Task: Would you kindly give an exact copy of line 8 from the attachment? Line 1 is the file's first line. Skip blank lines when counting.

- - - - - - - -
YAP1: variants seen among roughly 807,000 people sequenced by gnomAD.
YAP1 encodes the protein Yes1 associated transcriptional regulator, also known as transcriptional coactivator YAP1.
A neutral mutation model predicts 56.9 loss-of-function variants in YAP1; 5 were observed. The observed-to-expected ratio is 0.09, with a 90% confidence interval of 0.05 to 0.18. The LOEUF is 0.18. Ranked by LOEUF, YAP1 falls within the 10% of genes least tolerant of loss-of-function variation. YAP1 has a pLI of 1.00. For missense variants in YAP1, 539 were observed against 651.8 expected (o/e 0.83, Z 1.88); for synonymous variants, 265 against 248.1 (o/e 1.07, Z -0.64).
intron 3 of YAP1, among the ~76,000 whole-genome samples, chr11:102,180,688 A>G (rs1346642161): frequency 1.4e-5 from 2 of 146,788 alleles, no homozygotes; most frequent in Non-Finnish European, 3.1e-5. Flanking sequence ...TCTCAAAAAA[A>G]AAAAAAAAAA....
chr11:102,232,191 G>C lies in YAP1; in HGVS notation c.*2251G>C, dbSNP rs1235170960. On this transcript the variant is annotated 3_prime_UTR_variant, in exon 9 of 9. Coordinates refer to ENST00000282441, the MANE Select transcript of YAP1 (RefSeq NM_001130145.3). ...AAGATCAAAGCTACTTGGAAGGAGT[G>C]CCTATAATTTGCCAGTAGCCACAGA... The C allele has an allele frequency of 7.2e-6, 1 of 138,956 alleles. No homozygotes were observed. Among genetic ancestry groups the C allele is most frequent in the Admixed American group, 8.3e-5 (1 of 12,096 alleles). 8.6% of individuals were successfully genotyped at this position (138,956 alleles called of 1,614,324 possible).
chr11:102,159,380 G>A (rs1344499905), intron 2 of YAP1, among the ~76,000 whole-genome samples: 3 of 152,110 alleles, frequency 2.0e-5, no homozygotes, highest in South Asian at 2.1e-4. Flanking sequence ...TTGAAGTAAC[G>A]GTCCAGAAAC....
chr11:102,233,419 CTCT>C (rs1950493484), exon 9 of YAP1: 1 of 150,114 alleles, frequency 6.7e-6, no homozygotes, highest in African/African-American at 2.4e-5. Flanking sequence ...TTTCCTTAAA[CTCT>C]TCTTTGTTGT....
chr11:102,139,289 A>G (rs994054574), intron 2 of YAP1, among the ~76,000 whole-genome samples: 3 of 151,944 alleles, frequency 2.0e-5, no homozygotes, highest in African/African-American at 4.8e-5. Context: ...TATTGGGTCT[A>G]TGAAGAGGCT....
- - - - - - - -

chr11:102,139,289 A>G (rs994054574), intron 2 of YAP1, among the ~76,000 whole-genome samples: 3 of 151,944 alleles, frequency 2.0e-5, no homozygotes, highest in African/African-American at 4.8e-5. Context: ...TATTGGGTCT[A>G]TGAAGAGGCT....